Largely because of the uncertainty regarding Robinson's pass blocking and the widespread certainty about Matthews' overall game, Robinson had just a slight edge over Matthews in a Journal Sentinel poll asking 18 national-type scouts to rate their five best offensive linemen regardless of position.

    A first-place vote was worth five points, a second-place was worth four and so forth.

    Here were the first-place votes: Robinson, 11; Matthews, 6; and Zack Martin, one.

    Here were the point totals: Robinson, 80; Matthews, 76; Taylor Lewan, 48; Martin, 43; Cyrus Kouandjio, 11; Xavier Su'a-Filo, seven; Joel Bitonio, three; and Ja'Wuan James and Spencer Long, one.
    There are two things that stood out to me about this section.

    One, likely due to his athleticism and upside, Robinson takes the top spot. But the point total difference between he and Matthews is negligible; out of 270 total points represented there, Robinson has 29.6% and Matthews has 28.1%. That's pretty darn close, and seems to support what Nick Wagoner said in his recent chat about a choice between the top two tackles being one in which you're splitting hairs.

    The second thing worth noting, and which kind of aligns with my personal viewpoint, is the dropoff from Robinson/Matthews to Lewan (who had 17.8% of total points). Lewan is a fine prospect and would make a nice consolation prize if the Rams can't get Robinson or Matthews. But there's been recent talk, mostly from Kiper, about Lewan being ranked over Matthews, and I just find that rubbish, and it seems these scouts would agree.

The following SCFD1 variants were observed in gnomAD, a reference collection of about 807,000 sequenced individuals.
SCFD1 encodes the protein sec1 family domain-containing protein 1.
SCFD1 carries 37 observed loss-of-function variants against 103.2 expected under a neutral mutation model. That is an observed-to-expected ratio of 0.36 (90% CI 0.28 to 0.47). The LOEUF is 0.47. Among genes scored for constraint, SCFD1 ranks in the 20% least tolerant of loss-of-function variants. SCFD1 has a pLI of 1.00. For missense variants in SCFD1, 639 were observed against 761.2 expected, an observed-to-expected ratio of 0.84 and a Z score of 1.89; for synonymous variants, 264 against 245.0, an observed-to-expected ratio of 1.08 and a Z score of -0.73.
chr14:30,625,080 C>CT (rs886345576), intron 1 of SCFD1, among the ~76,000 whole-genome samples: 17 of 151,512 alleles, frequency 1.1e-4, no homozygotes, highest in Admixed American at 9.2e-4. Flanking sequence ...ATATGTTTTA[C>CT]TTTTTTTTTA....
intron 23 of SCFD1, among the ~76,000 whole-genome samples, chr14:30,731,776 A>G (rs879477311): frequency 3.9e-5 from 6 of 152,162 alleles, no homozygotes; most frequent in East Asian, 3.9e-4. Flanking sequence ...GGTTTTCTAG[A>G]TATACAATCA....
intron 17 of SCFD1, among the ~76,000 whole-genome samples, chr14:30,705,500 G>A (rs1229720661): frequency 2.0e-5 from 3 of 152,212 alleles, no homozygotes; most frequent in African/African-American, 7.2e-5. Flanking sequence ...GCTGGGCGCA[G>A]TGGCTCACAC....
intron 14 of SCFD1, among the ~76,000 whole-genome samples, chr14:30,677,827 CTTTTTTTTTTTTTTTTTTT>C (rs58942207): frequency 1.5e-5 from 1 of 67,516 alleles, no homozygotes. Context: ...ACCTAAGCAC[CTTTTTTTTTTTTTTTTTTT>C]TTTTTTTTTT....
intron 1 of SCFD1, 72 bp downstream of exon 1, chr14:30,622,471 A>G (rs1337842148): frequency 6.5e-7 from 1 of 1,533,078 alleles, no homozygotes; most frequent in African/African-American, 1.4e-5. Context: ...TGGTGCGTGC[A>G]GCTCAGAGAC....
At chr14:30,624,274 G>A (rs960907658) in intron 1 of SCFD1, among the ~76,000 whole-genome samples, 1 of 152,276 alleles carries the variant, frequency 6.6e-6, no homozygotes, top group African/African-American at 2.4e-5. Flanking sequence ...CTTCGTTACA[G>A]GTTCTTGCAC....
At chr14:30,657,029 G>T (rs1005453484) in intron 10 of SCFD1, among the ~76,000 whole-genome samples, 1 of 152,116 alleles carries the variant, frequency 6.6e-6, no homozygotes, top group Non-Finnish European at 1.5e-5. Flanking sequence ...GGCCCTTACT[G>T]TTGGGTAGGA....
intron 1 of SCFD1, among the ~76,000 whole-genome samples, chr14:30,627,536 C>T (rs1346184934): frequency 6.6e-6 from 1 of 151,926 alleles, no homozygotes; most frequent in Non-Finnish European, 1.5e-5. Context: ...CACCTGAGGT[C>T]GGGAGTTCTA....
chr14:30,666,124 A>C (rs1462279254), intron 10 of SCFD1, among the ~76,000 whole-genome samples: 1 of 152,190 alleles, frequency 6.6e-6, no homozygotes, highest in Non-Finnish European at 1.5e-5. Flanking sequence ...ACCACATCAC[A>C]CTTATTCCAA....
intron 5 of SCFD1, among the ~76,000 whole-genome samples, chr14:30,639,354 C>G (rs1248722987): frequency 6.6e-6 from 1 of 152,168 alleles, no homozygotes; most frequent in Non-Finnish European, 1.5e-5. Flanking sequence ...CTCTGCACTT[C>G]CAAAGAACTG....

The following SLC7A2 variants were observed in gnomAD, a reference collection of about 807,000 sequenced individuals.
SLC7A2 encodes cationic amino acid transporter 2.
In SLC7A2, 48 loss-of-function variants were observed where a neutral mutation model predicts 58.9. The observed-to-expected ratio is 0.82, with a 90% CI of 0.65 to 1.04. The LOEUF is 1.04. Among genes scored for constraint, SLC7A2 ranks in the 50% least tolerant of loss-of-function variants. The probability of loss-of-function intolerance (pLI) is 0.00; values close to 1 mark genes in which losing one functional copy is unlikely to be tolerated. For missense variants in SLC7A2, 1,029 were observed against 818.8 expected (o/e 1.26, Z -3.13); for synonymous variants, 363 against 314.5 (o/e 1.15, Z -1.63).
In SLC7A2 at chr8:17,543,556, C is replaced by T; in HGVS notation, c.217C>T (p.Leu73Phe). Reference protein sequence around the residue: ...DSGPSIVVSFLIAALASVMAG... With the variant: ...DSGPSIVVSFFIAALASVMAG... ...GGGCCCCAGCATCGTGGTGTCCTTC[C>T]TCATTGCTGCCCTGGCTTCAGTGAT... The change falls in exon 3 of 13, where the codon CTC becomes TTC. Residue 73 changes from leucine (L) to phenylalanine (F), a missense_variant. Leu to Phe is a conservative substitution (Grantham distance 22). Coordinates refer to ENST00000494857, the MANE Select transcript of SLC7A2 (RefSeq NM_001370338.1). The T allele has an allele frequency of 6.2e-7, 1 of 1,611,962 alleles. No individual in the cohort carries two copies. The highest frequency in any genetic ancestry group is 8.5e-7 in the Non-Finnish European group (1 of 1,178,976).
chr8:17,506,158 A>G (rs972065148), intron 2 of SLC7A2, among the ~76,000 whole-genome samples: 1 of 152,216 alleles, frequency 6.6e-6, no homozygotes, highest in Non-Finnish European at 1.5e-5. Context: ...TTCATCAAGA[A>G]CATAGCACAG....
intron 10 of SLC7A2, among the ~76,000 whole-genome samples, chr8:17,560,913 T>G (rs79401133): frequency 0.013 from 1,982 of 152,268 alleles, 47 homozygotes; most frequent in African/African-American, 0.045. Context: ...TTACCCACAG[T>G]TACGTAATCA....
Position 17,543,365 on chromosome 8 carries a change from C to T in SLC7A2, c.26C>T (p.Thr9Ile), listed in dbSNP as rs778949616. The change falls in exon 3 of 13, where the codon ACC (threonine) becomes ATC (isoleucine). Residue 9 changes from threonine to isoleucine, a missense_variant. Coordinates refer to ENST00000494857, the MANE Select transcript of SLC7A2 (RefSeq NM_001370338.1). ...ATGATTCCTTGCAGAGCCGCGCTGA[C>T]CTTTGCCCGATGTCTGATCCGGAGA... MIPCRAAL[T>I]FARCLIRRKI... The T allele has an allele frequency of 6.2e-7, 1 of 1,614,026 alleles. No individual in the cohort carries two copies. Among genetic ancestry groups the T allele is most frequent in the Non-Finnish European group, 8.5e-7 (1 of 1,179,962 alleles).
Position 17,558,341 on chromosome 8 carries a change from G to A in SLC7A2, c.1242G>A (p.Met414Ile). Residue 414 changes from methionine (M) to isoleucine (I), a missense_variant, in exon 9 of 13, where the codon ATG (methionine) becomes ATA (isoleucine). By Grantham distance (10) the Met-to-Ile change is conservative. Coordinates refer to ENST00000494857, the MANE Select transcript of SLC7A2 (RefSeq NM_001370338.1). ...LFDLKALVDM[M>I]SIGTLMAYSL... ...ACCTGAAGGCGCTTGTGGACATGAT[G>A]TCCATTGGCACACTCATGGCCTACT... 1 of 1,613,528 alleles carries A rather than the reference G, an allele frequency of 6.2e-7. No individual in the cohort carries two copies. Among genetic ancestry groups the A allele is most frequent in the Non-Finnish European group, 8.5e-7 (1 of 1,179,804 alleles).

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    Re: Bob McGinn Draft Series: Offensive Linemen

    The one knock I've heard on Matthews is arm length. At OT you need to be longer armed than inside. Despite that, I wouldn't object to Matthews for his pass protection skills. I feel confident that Boudreau can raise his skill level for run blocking too. It's all good.

    Go Rams!

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    Re: Bob McGinn Draft Series: Offensive Linemen